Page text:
Her father was no help. Her mother’s career had been a threat, something he tolerated, rather than supported. He came from a tree of academic snobs who hadn’t approved of his wife’s career as a romance author. When is she going to write a ‘real’ book, was their favorite refrain. Her mother’s family hadn’t approved of the marriage, which put Glory on her back foot defending her father every time she spoke with them.
The flight attendant offered another full glass of champagne.
“Thanks. Wait. Which one of us is driving?” Glory asked her father belatedly. “Are we renting a car or something?”
“They’re taking us in by helicopter.”
“The Johanssons. The avalanche that took out the lodge and the lifts also washed out the road during the melt that following spring. Insurance took forever to assess the damage. When they did, Wikinger took the payout and left things as they were. No fatalities. The hill was closed when it happened. I asked. Bit of a pity. A haunted lodge would add some appeal, don’t you think?”
“Oh, for God’s sake, Dad.” She slugged back another mouthful of bubbles. “Wait. Are you saying—Is this lodge not even on a main highway? It’s on a ski hill that no longer exists? Wow, when you said ‘dump’ Mom’s money, you meant like take it to a landfill, didn’t you? For an educated man, you’re falling for quite the snow job. Get it?”
“Maybe slow down.” He frowned at her half-empty glass. “The Johanssons are bringing the ski hill back online. The facility will be the draw with its elite trainers and such. Top-shelf athletes and their entourages will want to come to this resort. They’ll host world events. We’ll be the next Tahoe.”
Glory thought she might throw up a little bit. Even more than the purchase of a jalopy that he didn’t have the skill to rebuild, or the time-share it had taken her mother years to unload, this scheme had the potential to bankrupt him.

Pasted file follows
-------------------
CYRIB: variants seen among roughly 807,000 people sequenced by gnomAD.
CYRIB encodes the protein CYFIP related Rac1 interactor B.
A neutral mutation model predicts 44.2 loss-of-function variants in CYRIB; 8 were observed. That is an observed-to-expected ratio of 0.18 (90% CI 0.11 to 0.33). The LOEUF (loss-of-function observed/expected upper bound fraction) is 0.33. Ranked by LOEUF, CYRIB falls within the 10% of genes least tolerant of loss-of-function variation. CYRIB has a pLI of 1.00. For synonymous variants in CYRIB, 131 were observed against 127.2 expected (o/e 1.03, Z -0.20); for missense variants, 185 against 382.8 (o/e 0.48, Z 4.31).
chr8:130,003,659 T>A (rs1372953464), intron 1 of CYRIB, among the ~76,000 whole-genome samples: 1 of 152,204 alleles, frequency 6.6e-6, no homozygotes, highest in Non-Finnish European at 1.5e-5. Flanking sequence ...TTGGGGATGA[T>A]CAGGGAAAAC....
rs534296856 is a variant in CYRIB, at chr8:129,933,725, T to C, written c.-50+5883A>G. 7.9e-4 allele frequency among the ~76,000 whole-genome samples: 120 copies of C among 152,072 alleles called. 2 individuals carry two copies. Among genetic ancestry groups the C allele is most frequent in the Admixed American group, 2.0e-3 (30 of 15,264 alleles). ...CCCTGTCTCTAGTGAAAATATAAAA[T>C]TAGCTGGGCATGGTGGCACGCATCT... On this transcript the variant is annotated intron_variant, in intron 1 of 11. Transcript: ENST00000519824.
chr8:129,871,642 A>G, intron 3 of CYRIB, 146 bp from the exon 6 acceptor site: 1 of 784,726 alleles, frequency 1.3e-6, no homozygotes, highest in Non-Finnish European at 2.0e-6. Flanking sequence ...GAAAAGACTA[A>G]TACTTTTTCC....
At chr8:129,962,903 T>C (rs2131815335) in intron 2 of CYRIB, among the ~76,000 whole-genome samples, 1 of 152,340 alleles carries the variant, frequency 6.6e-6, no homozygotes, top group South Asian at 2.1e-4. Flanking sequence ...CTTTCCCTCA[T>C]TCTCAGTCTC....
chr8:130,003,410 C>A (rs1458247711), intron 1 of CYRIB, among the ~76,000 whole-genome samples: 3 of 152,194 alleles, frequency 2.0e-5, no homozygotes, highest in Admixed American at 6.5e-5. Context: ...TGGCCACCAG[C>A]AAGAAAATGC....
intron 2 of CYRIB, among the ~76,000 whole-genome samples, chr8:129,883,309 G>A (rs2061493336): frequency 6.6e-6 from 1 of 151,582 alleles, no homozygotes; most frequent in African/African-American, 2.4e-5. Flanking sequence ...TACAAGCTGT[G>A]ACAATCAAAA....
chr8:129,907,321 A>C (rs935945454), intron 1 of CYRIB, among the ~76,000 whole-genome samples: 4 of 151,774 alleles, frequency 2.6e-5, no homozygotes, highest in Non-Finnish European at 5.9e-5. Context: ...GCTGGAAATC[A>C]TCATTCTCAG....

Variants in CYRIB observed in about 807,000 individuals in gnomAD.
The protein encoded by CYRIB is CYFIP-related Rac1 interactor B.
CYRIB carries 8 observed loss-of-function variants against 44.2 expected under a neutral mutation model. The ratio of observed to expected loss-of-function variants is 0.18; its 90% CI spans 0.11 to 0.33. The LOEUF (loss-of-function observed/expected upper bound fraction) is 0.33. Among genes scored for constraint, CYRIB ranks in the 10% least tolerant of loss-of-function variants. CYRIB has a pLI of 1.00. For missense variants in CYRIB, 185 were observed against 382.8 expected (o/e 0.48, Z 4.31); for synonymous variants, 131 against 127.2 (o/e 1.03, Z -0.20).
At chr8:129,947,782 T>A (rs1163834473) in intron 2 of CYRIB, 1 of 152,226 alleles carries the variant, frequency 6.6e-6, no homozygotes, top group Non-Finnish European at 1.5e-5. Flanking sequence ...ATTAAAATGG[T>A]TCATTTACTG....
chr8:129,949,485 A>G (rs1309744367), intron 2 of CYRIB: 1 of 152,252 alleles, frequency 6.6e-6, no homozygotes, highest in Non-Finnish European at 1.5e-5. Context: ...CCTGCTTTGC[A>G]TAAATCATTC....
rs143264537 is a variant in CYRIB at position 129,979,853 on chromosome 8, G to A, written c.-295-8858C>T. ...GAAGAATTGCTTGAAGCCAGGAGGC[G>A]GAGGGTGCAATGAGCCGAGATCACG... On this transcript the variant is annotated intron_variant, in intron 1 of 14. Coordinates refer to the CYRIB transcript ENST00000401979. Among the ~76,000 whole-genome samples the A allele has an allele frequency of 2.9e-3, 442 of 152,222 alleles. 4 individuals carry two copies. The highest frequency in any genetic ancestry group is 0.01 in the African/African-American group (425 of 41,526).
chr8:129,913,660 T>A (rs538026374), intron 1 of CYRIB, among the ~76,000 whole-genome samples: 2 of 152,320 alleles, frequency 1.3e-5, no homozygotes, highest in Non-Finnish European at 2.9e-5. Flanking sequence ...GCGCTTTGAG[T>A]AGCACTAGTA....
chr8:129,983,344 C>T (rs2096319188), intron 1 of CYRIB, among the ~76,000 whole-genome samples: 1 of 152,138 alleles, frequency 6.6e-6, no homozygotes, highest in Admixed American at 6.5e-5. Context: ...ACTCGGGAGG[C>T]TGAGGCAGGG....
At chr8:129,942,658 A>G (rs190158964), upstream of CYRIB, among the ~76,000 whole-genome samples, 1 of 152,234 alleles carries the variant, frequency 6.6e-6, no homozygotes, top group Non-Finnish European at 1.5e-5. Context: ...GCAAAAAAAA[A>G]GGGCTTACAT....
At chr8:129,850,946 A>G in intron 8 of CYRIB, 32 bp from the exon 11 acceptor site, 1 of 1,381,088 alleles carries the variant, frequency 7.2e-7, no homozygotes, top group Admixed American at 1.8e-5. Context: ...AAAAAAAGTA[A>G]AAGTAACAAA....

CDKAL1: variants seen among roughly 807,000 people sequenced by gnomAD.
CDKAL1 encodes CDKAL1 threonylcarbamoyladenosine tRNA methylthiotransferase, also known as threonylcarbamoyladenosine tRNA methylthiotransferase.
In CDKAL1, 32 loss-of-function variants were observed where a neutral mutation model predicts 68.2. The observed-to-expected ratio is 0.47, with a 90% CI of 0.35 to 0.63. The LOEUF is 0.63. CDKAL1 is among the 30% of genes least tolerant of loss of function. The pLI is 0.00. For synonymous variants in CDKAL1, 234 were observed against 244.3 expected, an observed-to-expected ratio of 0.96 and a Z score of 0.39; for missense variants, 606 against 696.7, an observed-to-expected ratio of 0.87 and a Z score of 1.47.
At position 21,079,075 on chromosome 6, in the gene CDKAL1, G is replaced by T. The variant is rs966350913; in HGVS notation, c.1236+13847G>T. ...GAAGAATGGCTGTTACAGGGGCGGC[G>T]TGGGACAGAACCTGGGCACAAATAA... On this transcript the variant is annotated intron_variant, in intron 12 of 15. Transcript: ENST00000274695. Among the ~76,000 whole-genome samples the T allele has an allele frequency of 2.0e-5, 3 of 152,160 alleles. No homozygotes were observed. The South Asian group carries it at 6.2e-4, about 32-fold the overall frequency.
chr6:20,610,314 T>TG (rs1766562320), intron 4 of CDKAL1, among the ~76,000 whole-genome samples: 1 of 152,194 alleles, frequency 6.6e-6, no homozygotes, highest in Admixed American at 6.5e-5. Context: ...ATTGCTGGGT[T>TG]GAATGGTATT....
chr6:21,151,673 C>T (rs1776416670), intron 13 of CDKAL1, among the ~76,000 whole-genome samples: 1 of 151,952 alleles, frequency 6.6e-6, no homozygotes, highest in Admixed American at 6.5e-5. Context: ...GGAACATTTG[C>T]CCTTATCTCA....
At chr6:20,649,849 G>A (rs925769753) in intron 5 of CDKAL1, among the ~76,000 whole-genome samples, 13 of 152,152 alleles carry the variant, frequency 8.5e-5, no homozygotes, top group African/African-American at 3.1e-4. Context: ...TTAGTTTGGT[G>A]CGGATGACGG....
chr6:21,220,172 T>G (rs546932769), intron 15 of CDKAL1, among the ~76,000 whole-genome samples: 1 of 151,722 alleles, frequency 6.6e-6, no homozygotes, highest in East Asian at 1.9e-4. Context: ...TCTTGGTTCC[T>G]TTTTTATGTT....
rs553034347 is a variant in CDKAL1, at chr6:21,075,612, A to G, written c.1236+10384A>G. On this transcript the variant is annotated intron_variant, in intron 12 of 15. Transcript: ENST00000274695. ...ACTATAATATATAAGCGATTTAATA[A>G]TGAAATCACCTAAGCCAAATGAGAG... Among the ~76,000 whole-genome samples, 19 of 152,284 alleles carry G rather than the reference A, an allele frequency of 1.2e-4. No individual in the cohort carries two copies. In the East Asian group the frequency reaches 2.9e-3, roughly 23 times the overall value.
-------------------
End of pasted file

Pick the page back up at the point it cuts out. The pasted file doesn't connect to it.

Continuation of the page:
“Do you remember how long the bathroom reno took? Months. Do you think this ski hill is going to be up and running anytime soon? No. It will take years.”
“Exactly. And where will the workers stay as they come and go? There’s not much in Haven, which is the nearest town, and it’s fifty miles away. I’ve worked it out with Trigg. His brother doesn’t want to renovate and run the lodge—”
“Gee, I wonder why?”
“But he needs accommodation for his workmen. They won’t mind rough quarters and sawdust while we remodel. He’ll let rooms for the workers he brings in which will give us the cash flow for the renovations. We’ll have the place up to scratch for when the ski hill is operational and that’s a win-win.”
She shook her head. “I can’t even—No. When we get back to Seattle, we’re going straight to your doctor. I think your blood pressure meds are making you loopy.”
“When we get back to Seattle, I’m listing the house. I’ve already talked to Francis.”
Her mouth dropped open. Francis had been in treatment with her mom. She was a real estate agent.
“I wanted to let you have a last Christmas in the house, Glory, but you have to admit it was depressing as hell. It’s time we moved on.”
She couldn’t bear that look in his eyes. Her own filled. She felt six, without a voice as her parents made her leave her old school because her father had got something called ‘tenure’ and they had to move. She had never fit in at the new one and—
She gasped as something else hit her.
“Did you quit your job? Is that why you haven’t gone back since December? I knew you were supposed to have classes this week!”
Finally, he had the grace to look uncomfortable.
Her brain spun. Oh, she was mad, then. And scared. All she could see was her mother’s gaunt face, her bald head wrapped in her purple scarf. “I would leave everything to you, Glory. You know I would. You’ve more than earned it. But I don’t know how he’ll manage. You’d only wind up looking after him. This way, he has something to fall back on. It’s not all on you.”
But it was all on her. She already knew it was.
“What about your pension?” she asked her dad.
“It wasn’t much. Not worth another nine years of my life.”
“I’m not even speaking to you anymore.” She looked out the window, where the sun shone brilliantly over a blanket of fluffy clouds.
“To paraphrase someone who shall remain nameless, I am fifty-six, not six. I can do what I want.”
“Yes. You can. So why drag me into it?”